Thursday, February 21, 2013

Cape Peninsula Tour

OK, it's time to confess to being chronologically challenged bloggers at times.  We took a tour of the Cape Peninsula Tour on the first rainy Saturday after we arrived, but are just getting around to writing about it 10 days later.  The tour covered about 70 miles round trip, south of Cape Town.  The first part of the trip was on the Atlantic Ocean side.  In the afternoon, we drove back up the Indian Ocean side.

Cape Town is at the top of the map.  The Cape of Good Hope is at the bottom.

The first stop on the tour was in the Bo-Kaap area of Cape Town.  Bo-Kaap is a predominantly Muslim neighborhood, populated by the "coloured" Cape Malay people. Such color distinctions are still routinely used in conversation by locals of all races, twenty years after apartheid.  The Cape Malays are descendants of early slaves, who came from Indonesia, India, the West Indies and other parts of Africa.

Bo-Kaap neighborhood, looking towards Lion’s Head

Next we stopped by Camp's Bay, one of the nicest and wealthiest beach areas in Cape Town.  Leonardo DiCaprio, among others, has a large house here.  He must have been smitten while filming Blood Diamond.  We would like to go back to Camp's Bay on a sunny day, and have a sundowner on a patio or balcony at one of the many nice restaurants and bars in the area.

View of Camp’s Bay below the Twelve Apostles

Next up was Hout's Bay, an affluent suburb that is also home to a large commercial fishing fleet.  Then we stopped at Chapman's Peak, named after an early explorer to these parts.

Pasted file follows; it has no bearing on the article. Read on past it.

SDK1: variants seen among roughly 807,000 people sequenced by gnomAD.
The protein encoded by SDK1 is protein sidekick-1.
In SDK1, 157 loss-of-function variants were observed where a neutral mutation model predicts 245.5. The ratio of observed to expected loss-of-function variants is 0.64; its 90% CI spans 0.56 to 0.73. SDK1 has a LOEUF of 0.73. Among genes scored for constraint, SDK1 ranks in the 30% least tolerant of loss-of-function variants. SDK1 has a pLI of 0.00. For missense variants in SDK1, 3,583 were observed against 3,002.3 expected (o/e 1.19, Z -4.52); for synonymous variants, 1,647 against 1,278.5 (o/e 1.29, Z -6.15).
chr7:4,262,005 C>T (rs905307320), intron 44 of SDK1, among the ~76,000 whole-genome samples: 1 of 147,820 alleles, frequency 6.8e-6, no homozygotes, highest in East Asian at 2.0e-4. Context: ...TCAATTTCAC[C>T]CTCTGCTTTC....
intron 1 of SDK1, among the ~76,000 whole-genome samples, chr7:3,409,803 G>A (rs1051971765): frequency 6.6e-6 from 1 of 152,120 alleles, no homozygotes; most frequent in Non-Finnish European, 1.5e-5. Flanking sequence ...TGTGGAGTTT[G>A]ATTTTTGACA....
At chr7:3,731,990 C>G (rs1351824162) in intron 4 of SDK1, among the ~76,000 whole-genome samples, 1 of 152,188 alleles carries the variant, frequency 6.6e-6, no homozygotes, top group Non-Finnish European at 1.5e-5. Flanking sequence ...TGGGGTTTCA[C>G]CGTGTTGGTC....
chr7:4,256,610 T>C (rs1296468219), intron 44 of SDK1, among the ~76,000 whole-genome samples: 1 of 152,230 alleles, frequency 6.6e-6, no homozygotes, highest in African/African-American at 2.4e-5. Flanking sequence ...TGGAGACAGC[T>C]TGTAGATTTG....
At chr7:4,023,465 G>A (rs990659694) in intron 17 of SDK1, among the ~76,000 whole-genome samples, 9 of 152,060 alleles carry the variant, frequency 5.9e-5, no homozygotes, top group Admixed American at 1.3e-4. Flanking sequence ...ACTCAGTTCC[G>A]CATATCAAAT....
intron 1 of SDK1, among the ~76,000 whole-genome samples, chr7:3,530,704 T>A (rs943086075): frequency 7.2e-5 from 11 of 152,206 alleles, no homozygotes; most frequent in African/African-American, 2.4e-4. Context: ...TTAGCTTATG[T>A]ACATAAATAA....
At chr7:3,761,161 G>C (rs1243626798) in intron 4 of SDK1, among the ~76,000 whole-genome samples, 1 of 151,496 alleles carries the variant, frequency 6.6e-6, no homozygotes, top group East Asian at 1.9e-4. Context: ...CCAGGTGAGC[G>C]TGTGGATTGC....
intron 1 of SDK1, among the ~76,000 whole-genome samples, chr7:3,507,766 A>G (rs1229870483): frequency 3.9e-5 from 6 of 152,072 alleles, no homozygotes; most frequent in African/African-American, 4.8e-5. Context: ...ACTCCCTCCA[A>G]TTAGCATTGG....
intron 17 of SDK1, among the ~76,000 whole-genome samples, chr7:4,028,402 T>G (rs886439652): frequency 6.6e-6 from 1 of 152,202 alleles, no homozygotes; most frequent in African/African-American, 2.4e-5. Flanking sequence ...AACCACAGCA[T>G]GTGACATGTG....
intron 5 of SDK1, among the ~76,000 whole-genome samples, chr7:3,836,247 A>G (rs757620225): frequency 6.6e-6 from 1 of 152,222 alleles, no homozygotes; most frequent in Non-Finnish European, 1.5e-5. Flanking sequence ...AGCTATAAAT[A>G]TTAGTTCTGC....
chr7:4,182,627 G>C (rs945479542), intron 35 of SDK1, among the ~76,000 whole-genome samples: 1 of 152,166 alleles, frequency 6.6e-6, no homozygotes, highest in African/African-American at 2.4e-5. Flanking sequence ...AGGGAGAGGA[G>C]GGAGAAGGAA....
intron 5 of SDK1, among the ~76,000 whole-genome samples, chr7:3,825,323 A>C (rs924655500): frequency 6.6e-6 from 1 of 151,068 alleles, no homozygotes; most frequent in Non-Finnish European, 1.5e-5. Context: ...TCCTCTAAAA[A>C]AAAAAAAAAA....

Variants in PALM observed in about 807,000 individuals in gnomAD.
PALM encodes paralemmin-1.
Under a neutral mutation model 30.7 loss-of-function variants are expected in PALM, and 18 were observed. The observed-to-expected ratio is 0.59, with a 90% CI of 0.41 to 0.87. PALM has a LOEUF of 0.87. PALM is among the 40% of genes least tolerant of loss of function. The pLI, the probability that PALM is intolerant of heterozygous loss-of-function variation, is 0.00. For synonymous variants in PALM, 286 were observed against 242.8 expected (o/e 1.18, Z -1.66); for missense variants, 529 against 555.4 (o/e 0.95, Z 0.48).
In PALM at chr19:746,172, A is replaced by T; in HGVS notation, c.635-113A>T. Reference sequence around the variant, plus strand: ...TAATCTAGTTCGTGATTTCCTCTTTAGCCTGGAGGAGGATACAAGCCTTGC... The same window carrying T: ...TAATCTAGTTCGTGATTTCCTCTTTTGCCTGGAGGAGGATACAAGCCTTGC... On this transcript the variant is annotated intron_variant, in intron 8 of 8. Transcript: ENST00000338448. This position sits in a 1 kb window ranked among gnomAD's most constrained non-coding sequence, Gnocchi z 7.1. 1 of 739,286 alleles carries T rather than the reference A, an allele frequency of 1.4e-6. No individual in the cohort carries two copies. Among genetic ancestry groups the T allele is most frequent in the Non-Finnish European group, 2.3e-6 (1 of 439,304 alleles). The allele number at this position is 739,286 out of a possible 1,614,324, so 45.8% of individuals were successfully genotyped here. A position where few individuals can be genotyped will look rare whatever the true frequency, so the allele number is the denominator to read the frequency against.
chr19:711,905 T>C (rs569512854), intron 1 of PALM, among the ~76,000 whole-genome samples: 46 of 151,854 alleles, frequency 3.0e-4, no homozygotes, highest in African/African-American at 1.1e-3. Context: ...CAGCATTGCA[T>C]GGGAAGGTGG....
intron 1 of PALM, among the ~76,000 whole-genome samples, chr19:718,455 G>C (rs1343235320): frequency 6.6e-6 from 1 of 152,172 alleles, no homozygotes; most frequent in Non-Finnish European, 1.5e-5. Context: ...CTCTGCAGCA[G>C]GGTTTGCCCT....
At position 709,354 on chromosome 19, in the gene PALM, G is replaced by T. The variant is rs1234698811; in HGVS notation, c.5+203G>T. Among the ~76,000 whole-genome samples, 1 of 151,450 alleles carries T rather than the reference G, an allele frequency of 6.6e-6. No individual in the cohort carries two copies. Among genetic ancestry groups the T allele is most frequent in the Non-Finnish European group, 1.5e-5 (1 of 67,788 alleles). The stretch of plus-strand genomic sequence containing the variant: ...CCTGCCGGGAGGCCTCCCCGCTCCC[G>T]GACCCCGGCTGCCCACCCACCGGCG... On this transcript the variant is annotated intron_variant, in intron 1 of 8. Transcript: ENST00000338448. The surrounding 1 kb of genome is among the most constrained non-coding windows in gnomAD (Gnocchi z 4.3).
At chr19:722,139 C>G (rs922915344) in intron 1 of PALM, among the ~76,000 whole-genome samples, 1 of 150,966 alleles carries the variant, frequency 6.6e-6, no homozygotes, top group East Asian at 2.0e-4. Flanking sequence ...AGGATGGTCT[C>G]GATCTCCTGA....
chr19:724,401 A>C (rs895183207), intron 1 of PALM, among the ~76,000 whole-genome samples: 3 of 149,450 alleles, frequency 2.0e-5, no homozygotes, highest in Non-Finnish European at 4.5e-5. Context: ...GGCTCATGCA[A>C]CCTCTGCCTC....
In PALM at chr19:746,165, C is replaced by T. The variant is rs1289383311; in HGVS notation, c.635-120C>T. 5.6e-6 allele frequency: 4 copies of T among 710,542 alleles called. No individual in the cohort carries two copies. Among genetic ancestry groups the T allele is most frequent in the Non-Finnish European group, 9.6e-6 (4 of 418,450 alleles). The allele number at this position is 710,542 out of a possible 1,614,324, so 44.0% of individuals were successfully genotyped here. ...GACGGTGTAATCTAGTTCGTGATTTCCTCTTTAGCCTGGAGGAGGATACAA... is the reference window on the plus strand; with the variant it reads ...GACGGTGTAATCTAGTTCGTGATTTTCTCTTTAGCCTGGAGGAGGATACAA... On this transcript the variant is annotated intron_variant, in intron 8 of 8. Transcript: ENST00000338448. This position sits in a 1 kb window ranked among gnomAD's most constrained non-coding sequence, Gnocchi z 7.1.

Hout’s Bay.  The panorama extends for many degrees.

Fynbos and crystal blue water below Chapman’s Peak

After stopping briefly at an ostrich farm (a highlight for Sarah - of course), we moved on to the Cape Point Lighthouse and the Cape of Good Hope.  The Cape of Good Hope, which was originally more aptly named the Cape of Storms, is the most southwesterly point in Africa.  Other points are further south or west, but this was definitely an area that sailors wanted to avoid.  There are several hundred shipwrecks nearby.

Insert your own joke about a politician sticking his head in the sand.

View from the short trail to the Cape Point Lighthouse

View from Cape Point Lighthouse to Cape of Good Hope

Sarah with giant kelp, near cheesy sign for Cape of Good Hope

On the way back to Cape Town, we stopped at Boulder's Beach near Simon's Town. There is a colony of rehabbing Antarctic penguins here. They are pretty mellow dudes. The pygmy penguins at Philip Island in Australia seemed more fun.  But maybe these penguins were also bummed out by the rainy weather.  We might go back and swim and play with them on a sunnier day.  It's allowed.  Cool, huh?

Danny DeVito and Burgess Meredith have nothing on this Penguin

The penguins have a conference at the mound
Our favorite scruffy penguin.  We always like the underdogs.

Our final stop was at a winery in Constantia, which is a 15-minute drive from our host family's house.  Constantia was the original wine-making district in this region.  A Dutch governor made the first wines in the late 1600's.  The first wine he made pretty much sucked, but others did much better later.  We had some really good white wines at a free tasting, plus a few mediocre ones.  The room was elegant but welcoming.

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